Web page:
It's not often where, every day, one might find a large group of all types of human beings willingly clustered amongst one another. Blacks, whites, children, elders, midgets, mere giants and all other counter-partners in society, sit politely side by side, bound by their common purpose: transportation. The Regional Transit Authority is frequently taken for granted by those who sit comfortably inside their own car. It is as if they've been brainwashed. They seem to have forgotten that they once, too, had to stand and wait, in any weather, to pay for their ride. Many overlook an RTA bus as just another vehicle. Although it is a vehicle, it would be a mistake not to recognize the actuality beyond the large, translucent windows on this ongoing transport.
After the first step onto a bus, it is evident that that particular ride will be like no other before. Regardless of how many times a person has slumped down onto the stiffened, stained seats, they can not escape the fact that their occurrence involves specific details which, in turn, makes the experience somewhat different from those previous.
Such occurrences may be the new driver handling the gigantic steering wheel, the blind man with the seeing-eye dog, the student carelessly jotting down last attempts at his homework, or maybe just the fact that you are wearing different shoes. There are even times when you sit next to that bummed wino and the smell of liquor and must invade the privacy of your nostrils. As if your nose wasn't satisfactory, this intruding smell moves down to your mouth and the unpleasant scent begins to skate on your tongue. Hopefully, this will be one of those bus ride incidents that you won't have to experience again.
Yes, it is very true that the RTA doesn't do replicas on journeys. However, some aspects of the bus remain consistent. For instance, every time you walk onto your bus you can be guaranteed that the basic scenery will be the same: signs of advertisement everywhere, old railings, stained rubber floor, many worn seats, and the huge central walking aisle. When human life is thrown into the picture, the tables turn 180 degrees. This scene goes from a basic idea of a place, to a vivid place where people are constantly engaging into conversation giving the atmosphere a sense of warmth. When a person is sitting lonesome, as soon as another hopeful rider sits next to them, their entire spirit changes. It is actually pretty obvious to pick up such a change. They will, in most cases, talk to each other in general, friendly conversation until one of them has to get off. Then the next person steps on. This sort of pattern continues throughout the entire day. This causes many spurts of many people, which brings tons of noise, and also many droughts, which tags along with silence. But in the end, it all serves well to transform the bus into a home on wheels.
Buses are no longer just a form of transportation for those willing to pay a dollar twenty-five. Somewhere along the lines they have become a place where people can get where they are going, but enjoy themselves at the same time. Enjoyment doesn't necessarily mean having extreme fun. It just means that for once you are given other options than just making sure your between the lines, checking your mirrors, turning on your blinkers, or in other words driving. Instead of gripping that steering wheel, one might decide to catch up on the latest novel. If they're not a reading person why not just throw on the head phones, and listen to their CD's. But what appears to be the most popular pastime for riders, is to just sit back and relax. There's nothing like seeing a clearly stressed Giant Eagle employee recline in his seat and watch his problems momentarily fade away. You can notice that this is the first time of the day that this person has actually had the time to himself. He no longer has to worry about his boss, the food not scanning correctly, bags ripping, or spills in aisle four. It's just him and the ride; it's as simple as that.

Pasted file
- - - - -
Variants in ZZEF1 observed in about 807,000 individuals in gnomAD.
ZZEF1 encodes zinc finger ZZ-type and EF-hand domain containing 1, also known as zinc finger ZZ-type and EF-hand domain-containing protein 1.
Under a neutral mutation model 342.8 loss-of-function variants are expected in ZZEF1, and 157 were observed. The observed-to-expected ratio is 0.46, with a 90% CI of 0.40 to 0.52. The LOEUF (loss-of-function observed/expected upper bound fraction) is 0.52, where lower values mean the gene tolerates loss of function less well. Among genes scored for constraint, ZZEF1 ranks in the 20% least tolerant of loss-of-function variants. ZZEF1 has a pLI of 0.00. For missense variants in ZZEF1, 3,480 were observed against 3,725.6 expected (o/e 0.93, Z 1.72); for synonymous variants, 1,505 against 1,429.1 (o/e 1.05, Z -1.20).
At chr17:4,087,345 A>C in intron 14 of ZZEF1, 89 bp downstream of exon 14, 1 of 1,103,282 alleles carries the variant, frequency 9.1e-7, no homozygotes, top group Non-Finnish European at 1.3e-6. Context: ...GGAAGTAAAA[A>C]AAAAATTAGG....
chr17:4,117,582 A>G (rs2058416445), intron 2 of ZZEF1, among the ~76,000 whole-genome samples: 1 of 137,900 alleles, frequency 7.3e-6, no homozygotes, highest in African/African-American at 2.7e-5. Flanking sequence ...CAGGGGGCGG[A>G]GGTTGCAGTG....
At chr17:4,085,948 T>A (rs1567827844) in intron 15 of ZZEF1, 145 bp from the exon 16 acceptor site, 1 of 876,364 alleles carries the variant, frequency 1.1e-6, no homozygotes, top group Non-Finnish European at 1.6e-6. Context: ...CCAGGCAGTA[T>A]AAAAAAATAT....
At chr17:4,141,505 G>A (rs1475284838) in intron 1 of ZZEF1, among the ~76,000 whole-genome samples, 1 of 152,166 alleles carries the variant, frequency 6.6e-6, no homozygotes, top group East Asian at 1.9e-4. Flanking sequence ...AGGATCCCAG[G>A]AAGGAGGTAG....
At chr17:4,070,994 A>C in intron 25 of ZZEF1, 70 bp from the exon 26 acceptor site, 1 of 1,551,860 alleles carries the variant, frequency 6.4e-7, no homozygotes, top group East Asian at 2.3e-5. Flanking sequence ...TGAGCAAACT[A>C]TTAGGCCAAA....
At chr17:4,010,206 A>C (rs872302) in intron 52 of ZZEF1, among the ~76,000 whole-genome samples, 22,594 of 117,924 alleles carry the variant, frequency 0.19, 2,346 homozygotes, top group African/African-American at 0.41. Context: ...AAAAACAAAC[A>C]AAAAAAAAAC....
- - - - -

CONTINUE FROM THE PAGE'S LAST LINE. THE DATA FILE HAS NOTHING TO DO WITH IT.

Although most of the travelers are only on the bus because of the lack of options, but even those with cars decide to ride the RTA. Why would anyone who has a drivers license every consider taking the bus? I use to ponder about this question until my pleasant visit with the orange and brown. As more and more people piled inside for the Browns game, it became understandable that these people were trying to save money. They'd rather pay a dollar and twenty-five cents in bus fare than buying a half a gallon of gas for carpooling to the stadium. The orange beer helmets, the dark brown hats, and the brown, orange, and white jerseys all came together to create a wonderfully looking scene. Even the little kids have manage to find there way into the Cleveland Browns dress code. As these exhilarated and anxious fans discussed their predictions for the game, I looked utmost happiness. My peers and elders were all interacting; everyone treated as equals. The seven year old kid with the Kool-Aid stain and the seventy year old man with the crinkled, blue jacket had neither better no worse opinions than the other. Although it was nearly sixty degrees outside, these people seemed to warm you spirits. Some of these face painted fans would have to lounge hopelessly at home, if the RTA hadn't rescued them.
After many long and dubious rides on the bus, it is easy for me to picture the RTA as if it were an art museum on wheels. With this in mind, just imagine that every unique happening is a stroke from a paint brush. And like any other painting, this bus endures several strokes from day to day. As more and more events occur, the bus begins to not only produce simple strokes, but entire portraits. It is on the RTA where people are constantly coming to view the remarkable art work which all began from that first stroke.